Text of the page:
Phosphatase and tensin homolog deleted on chromosome 10 (PTEN) is a potent tumor suppressor, the dysfunction of which is responsible for the occurrence of divergent human cancers (Song et al., 2012). The coordinate involvement of PTEN in embryonic development and ontogenesis has been demonstrated (Di Cristofano et al., 1998; Knobbe et al., 2008). Germline mutation of the PTEN gene in human is associated with Cowden syndrome, hyperplastic lesions in multiple organs, and neurological disorders including macrocephaly, seizure, Lhermitte-Duclos disease, and mental retardation, while conventional PTEN knockout in mice results in early embryonic death (Di Cristofano et al., 1998; Kwon et al., 2001; Li et al., 2003; Orloff and Eng, 2008; Song et al., 2012). Since the irreversible deletion of this phosphatase gene from the chromosome causes PTEN deficiency in targeted cells (e.g., stem cells) and their offspring cells, these models may have limitations in dissecting the precise role of PTEN in a specific type of cells during a given phase of development (Knobbe et al., 2008). In this study, we generated a conditional PTEN knockdown system, in which the PTEN-targeted shRNAs can be controlled both spatially by using a cell type-specific promoter regulating rtTA expression, and temporally via induction with DOX. The efficacy of PTEN gene silencing by this system was validated in cultured cells and a transgenic mouse model.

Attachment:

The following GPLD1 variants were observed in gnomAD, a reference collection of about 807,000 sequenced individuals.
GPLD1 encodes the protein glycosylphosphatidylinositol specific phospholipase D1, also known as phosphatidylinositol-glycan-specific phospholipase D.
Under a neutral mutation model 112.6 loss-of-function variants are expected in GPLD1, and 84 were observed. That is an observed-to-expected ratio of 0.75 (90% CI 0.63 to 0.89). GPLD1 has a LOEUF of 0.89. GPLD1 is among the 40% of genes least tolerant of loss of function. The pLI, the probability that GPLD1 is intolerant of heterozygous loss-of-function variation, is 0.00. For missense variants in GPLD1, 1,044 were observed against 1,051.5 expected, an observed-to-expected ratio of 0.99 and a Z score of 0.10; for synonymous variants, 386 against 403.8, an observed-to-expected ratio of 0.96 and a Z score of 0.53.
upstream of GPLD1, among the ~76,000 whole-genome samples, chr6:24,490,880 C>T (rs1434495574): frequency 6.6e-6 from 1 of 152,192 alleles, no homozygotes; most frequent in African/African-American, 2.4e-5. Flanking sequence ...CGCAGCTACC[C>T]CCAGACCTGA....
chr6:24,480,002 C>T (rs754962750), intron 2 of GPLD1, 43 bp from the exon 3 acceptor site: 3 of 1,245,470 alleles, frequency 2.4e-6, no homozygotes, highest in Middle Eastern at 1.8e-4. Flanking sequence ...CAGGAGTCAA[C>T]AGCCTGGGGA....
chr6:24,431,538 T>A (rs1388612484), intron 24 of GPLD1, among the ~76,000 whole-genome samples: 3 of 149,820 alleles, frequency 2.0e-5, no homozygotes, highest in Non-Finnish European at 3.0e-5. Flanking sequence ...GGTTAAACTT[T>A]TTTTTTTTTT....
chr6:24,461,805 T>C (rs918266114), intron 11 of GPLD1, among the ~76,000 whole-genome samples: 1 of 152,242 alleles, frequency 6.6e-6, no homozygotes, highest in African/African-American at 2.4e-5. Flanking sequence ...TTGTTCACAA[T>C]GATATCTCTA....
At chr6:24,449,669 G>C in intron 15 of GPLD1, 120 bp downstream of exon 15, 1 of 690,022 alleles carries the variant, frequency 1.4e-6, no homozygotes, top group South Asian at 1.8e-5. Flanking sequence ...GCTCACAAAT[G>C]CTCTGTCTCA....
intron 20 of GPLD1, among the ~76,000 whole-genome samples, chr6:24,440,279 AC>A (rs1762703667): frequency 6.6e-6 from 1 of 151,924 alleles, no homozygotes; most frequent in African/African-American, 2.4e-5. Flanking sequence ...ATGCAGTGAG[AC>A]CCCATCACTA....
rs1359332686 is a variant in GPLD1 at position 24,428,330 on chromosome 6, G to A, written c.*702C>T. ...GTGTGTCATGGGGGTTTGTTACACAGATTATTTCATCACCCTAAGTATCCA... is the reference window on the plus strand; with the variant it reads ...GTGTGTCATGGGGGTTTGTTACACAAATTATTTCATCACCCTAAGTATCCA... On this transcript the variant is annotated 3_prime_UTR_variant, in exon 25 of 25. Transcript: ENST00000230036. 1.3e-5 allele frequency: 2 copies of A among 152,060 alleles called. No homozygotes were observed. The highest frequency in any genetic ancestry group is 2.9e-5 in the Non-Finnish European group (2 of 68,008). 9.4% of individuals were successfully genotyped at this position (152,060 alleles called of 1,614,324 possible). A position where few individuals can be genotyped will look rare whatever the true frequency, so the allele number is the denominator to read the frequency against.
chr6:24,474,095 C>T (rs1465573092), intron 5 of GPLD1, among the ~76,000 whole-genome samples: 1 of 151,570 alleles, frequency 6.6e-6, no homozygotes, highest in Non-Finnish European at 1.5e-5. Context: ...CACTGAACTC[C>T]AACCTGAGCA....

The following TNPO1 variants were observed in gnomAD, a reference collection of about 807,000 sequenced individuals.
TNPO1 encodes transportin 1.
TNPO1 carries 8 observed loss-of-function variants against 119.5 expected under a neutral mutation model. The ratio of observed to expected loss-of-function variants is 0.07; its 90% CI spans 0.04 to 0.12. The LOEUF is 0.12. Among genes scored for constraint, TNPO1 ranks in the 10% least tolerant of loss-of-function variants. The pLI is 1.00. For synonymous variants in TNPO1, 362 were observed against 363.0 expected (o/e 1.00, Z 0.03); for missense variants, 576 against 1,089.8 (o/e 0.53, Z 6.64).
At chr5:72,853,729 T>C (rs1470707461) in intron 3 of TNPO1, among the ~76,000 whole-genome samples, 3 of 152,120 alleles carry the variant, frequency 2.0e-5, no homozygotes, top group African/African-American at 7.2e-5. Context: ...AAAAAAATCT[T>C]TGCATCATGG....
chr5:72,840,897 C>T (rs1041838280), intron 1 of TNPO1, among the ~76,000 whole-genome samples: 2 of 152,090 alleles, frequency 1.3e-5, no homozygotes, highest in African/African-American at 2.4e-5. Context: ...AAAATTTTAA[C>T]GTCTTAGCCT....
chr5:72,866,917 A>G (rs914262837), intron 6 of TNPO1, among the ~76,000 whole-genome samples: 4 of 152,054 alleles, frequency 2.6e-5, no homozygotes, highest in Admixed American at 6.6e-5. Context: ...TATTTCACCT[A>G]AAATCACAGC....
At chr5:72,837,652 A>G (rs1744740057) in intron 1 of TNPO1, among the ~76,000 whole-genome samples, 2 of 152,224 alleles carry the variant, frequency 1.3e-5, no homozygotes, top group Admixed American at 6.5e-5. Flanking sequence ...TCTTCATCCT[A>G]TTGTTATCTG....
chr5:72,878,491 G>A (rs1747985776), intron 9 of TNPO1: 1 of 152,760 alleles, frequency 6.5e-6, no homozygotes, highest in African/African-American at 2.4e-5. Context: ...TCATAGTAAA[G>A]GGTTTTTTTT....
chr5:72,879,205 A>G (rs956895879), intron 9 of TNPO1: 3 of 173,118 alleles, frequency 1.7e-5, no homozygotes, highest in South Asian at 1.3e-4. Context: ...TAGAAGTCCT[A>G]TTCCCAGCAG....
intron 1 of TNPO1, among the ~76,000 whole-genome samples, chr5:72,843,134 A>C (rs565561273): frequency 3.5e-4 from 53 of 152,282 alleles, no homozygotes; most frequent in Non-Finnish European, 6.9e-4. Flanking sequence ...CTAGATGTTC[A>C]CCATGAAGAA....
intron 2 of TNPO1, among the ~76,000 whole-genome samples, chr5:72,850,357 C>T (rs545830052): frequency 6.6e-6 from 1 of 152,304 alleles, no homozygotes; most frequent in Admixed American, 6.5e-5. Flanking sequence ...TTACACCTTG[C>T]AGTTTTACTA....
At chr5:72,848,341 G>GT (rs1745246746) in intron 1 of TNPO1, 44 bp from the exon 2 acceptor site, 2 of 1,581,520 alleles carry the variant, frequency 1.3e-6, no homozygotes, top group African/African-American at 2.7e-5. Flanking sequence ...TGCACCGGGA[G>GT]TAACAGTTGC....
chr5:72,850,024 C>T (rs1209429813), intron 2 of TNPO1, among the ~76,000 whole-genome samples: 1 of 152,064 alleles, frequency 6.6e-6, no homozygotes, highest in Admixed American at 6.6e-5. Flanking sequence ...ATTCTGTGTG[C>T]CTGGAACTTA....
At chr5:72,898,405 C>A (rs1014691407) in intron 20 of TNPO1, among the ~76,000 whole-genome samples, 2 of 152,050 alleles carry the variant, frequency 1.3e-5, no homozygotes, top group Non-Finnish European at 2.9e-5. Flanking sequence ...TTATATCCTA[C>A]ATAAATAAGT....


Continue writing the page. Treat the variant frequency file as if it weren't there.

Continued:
Plasmid and lentiviral constructs

The pCol-TGM plasmid containing the green fluorescent protein (GFP)-miR-30 cassette flanked by tetracycline response elements (TRE) was obtained from Addgene (USA) (Premsrirut et al., 2011). The PTEN-targeted shRNA sequences were used to substitute for those of shRNA targeted to adenomatous polyposis coli (APC). Briefly, the 2 double-stranded DNA fragments, were synthesized by Shanghai Genechem Inc. (China), digested, and ligated into the XhoI/EcoRI sites of pCol-TGM. The sequences of synthesized DNAs are as follows: 5′-agaaggctcgagaaggtatattgctgttgacagtgagcgaagagatcgttagcagaaacaatagtgaagccacagatgtattgtttctgctaacgatctctctgcctactgcctcgga ttcaagggg-3′, and 5′-agaaggctcgagaaggtatattgctgttgaagtgagcgatgaagatgacaatcatgtttagtgaagccacagatgtaaacatgattgtcatcttcactct tactgcctcggaattcaagggg-3′, which target nucleotides 18–36 and 338–356 of the coding sequence of PTEN, respectively. The resulting constructs, namely Ptn1 and Ptn2, were confirmed by DNA sequencing. A construct harboring a scrambled PTEN targeting sequence of Ptn1 was generated and used as a control. Small interfering RNAs (siRNAs), siPTEN1 and siPTEN2, were synthesized to target the aforementioned sites of PTEN. Similarly, a scrambled siRNA of siPTEN1 was included as a control. For generation of rtTA-overexpressing lentiviruses using the pLenti6.3/V5-DEST Gateway system (Invitrogen, USA), the pTet-On plasmid (ClonTech, USA) was digested with Bam-HI, blunted with T4 DNA polymerase, and digested with EcoRI. The resulting rtTA cDNA fragment was ligated into the Eco-RI/EcoRV site of the pENTR™3C plasmid. The pENTR™3C harboring the rtTA gene or the mCherry gene as a control was subjected to recombination with the lentiviral backbone vector and was packaged in HEK293T cells.

Cell culture, treatment and transfection